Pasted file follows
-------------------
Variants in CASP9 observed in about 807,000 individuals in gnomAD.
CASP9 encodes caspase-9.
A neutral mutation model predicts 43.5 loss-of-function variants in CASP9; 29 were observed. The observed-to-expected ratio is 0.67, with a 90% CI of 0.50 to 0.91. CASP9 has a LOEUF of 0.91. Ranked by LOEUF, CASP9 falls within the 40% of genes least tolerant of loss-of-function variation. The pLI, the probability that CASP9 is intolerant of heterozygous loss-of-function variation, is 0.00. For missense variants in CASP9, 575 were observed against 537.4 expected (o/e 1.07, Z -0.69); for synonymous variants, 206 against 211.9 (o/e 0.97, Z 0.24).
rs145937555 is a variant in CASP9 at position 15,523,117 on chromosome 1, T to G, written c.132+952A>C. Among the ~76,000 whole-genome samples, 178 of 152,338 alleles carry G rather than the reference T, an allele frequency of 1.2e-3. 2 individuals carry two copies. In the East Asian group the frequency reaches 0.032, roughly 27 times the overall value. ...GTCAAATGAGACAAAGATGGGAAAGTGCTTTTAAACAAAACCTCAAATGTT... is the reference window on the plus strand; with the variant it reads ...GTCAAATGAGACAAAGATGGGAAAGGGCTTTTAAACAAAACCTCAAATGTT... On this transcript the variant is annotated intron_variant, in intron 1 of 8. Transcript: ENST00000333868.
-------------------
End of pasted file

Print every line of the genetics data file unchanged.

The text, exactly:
Variants in CASP9 observed in about 807,000 individuals in gnomAD.
CASP9 encodes caspase-9.
A neutral mutation model predicts 43.5 loss-of-function variants in CASP9; 29 were observed. The observed-to-expected ratio is 0.67, with a 90% CI of 0.50 to 0.91. CASP9 has a LOEUF of 0.91. Ranked by LOEUF, CASP9 falls within the 40% of genes least tolerant of loss-of-function variation. The pLI, the probability that CASP9 is intolerant of heterozygous loss-of-function variation, is 0.00. For missense variants in CASP9, 575 were observed against 537.4 expected (o/e 1.07, Z -0.69); for synonymous variants, 206 against 211.9 (o/e 0.97, Z 0.24).
rs145937555 is a variant in CASP9 at position 15,523,117 on chromosome 1, T to G, written c.132+952A>C. Among the ~76,000 whole-genome samples, 178 of 152,338 alleles carry G rather than the reference T, an allele frequency of 1.2e-3. 2 individuals carry two copies. In the East Asian group the frequency reaches 0.032, roughly 27 times the overall value. ...GTCAAATGAGACAAAGATGGGAAAGTGCTTTTAAACAAAACCTCAAATGTT... is the reference window on the plus strand; with the variant it reads ...GTCAAATGAGACAAAGATGGGAAAGGGCTTTTAAACAAAACCTCAAATGTT... On this transcript the variant is annotated intron_variant, in intron 1 of 8. Transcript: ENST00000333868.